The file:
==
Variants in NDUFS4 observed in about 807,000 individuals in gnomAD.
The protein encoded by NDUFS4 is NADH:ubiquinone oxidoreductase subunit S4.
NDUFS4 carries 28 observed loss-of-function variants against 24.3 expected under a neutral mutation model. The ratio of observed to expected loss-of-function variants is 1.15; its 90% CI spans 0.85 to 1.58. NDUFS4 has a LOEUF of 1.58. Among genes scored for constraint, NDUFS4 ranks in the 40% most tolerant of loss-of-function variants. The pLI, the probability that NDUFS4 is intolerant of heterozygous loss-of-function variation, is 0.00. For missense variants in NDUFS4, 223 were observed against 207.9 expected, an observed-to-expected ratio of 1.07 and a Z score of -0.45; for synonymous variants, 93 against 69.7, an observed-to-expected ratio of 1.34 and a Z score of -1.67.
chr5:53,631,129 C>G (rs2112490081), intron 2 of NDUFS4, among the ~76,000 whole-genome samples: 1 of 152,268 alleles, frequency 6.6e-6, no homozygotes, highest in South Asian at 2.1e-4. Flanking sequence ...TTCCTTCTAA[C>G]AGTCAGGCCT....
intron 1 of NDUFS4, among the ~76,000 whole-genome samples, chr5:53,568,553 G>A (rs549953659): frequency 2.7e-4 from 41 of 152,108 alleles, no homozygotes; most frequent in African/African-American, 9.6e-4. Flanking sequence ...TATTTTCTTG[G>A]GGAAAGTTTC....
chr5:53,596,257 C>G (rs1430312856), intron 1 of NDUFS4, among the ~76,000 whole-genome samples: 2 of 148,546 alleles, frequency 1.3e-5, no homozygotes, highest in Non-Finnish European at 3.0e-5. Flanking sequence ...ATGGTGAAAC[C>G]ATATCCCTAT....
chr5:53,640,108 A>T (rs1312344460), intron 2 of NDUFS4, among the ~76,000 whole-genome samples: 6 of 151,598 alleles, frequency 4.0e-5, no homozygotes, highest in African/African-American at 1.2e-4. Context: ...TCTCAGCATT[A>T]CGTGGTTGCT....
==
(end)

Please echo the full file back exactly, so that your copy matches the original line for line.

Variants in NDUFS4 observed in about 807,000 individuals in gnomAD.
The protein encoded by NDUFS4 is NADH:ubiquinone oxidoreductase subunit S4.
NDUFS4 carries 28 observed loss-of-function variants against 24.3 expected under a neutral mutation model. The ratio of observed to expected loss-of-function variants is 1.15; its 90% CI spans 0.85 to 1.58. NDUFS4 has a LOEUF of 1.58. Among genes scored for constraint, NDUFS4 ranks in the 40% most tolerant of loss-of-function variants. The pLI, the probability that NDUFS4 is intolerant of heterozygous loss-of-function variation, is 0.00. For missense variants in NDUFS4, 223 were observed against 207.9 expected, an observed-to-expected ratio of 1.07 and a Z score of -0.45; for synonymous variants, 93 against 69.7, an observed-to-expected ratio of 1.34 and a Z score of -1.67.
chr5:53,631,129 C>G (rs2112490081), intron 2 of NDUFS4, among the ~76,000 whole-genome samples: 1 of 152,268 alleles, frequency 6.6e-6, no homozygotes, highest in South Asian at 2.1e-4. Flanking sequence ...TTCCTTCTAA[C>G]AGTCAGGCCT....
intron 1 of NDUFS4, among the ~76,000 whole-genome samples, chr5:53,568,553 G>A (rs549953659): frequency 2.7e-4 from 41 of 152,108 alleles, no homozygotes; most frequent in African/African-American, 9.6e-4. Flanking sequence ...TATTTTCTTG[G>A]GGAAAGTTTC....
chr5:53,596,257 C>G (rs1430312856), intron 1 of NDUFS4, among the ~76,000 whole-genome samples: 2 of 148,546 alleles, frequency 1.3e-5, no homozygotes, highest in Non-Finnish European at 3.0e-5. Flanking sequence ...ATGGTGAAAC[C>G]ATATCCCTAT....
chr5:53,640,108 A>T (rs1312344460), intron 2 of NDUFS4, among the ~76,000 whole-genome samples: 6 of 151,598 alleles, frequency 4.0e-5, no homozygotes, highest in African/African-American at 1.2e-4. Context: ...TCTCAGCATT[A>T]CGTGGTTGCT....